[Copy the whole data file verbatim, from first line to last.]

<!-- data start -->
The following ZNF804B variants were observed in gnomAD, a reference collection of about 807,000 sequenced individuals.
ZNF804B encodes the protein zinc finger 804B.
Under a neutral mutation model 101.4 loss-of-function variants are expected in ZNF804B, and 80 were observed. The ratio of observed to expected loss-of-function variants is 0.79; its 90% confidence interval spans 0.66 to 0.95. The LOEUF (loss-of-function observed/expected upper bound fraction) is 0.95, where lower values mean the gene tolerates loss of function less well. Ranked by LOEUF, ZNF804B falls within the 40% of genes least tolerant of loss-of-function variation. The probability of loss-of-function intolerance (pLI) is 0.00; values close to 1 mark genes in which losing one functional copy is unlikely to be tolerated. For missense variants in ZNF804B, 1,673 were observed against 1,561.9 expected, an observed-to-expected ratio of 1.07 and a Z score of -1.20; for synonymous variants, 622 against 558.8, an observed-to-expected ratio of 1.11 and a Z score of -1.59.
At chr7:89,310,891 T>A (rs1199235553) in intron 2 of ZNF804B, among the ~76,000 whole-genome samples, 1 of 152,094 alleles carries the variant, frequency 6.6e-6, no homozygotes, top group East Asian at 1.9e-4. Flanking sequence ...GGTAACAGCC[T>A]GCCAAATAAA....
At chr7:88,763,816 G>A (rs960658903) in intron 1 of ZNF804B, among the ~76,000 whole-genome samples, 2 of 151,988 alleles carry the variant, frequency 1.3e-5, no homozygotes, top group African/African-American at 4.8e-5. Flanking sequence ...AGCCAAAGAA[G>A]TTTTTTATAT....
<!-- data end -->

The following ZNF804B variants were observed in gnomAD, a reference collection of about 807,000 sequenced individuals.
ZNF804B encodes the protein zinc finger 804B.
Under a neutral mutation model 101.4 loss-of-function variants are expected in ZNF804B, and 80 were observed. The ratio of observed to expected loss-of-function variants is 0.79; its 90% confidence interval spans 0.66 to 0.95. The LOEUF (loss-of-function observed/expected upper bound fraction) is 0.95, where lower values mean the gene tolerates loss of function less well. Ranked by LOEUF, ZNF804B falls within the 40% of genes least tolerant of loss-of-function variation. The probability of loss-of-function intolerance (pLI) is 0.00; values close to 1 mark genes in which losing one functional copy is unlikely to be tolerated. For missense variants in ZNF804B, 1,673 were observed against 1,561.9 expected, an observed-to-expected ratio of 1.07 and a Z score of -1.20; for synonymous variants, 622 against 558.8, an observed-to-expected ratio of 1.11 and a Z score of -1.59.
At chr7:89,310,891 T>A (rs1199235553) in intron 2 of ZNF804B, among the ~76,000 whole-genome samples, 1 of 152,094 alleles carries the variant, frequency 6.6e-6, no homozygotes, top group East Asian at 1.9e-4. Flanking sequence ...GGTAACAGCC[T>A]GCCAAATAAA....
At chr7:88,763,816 G>A (rs960658903) in intron 1 of ZNF804B, among the ~76,000 whole-genome samples, 2 of 151,988 alleles carry the variant, frequency 1.3e-5, no homozygotes, top group African/African-American at 4.8e-5. Flanking sequence ...AGCCAAAGAA[G>A]TTTTTTATAT....